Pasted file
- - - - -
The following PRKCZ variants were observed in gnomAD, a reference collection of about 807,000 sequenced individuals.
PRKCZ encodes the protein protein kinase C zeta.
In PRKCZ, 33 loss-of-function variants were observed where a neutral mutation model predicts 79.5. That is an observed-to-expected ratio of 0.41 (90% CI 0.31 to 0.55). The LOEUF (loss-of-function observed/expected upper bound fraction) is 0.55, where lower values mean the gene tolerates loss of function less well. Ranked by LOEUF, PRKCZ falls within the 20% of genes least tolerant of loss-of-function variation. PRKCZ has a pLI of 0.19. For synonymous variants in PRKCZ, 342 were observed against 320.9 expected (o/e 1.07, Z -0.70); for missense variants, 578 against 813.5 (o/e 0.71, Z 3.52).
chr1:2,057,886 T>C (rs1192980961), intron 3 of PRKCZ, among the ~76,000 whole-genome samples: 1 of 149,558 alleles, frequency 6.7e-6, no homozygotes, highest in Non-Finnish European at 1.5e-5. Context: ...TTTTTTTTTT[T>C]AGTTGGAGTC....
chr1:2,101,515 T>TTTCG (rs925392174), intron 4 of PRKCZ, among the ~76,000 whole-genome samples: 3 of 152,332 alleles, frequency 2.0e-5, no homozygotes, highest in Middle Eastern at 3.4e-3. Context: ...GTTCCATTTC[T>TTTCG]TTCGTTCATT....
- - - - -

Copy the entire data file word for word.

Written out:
The following PRKCZ variants were observed in gnomAD, a reference collection of about 807,000 sequenced individuals.
PRKCZ encodes the protein protein kinase C zeta.
In PRKCZ, 33 loss-of-function variants were observed where a neutral mutation model predicts 79.5. That is an observed-to-expected ratio of 0.41 (90% CI 0.31 to 0.55). The LOEUF (loss-of-function observed/expected upper bound fraction) is 0.55, where lower values mean the gene tolerates loss of function less well. Ranked by LOEUF, PRKCZ falls within the 20% of genes least tolerant of loss-of-function variation. PRKCZ has a pLI of 0.19. For synonymous variants in PRKCZ, 342 were observed against 320.9 expected (o/e 1.07, Z -0.70); for missense variants, 578 against 813.5 (o/e 0.71, Z 3.52).
chr1:2,057,886 T>C (rs1192980961), intron 3 of PRKCZ, among the ~76,000 whole-genome samples: 1 of 149,558 alleles, frequency 6.7e-6, no homozygotes, highest in Non-Finnish European at 1.5e-5. Context: ...TTTTTTTTTT[T>C]AGTTGGAGTC....
chr1:2,101,515 T>TTTCG (rs925392174), intron 4 of PRKCZ, among the ~76,000 whole-genome samples: 3 of 152,332 alleles, frequency 2.0e-5, no homozygotes, highest in Middle Eastern at 3.4e-3. Context: ...GTTCCATTTC[T>TTTCG]TTCGTTCATT....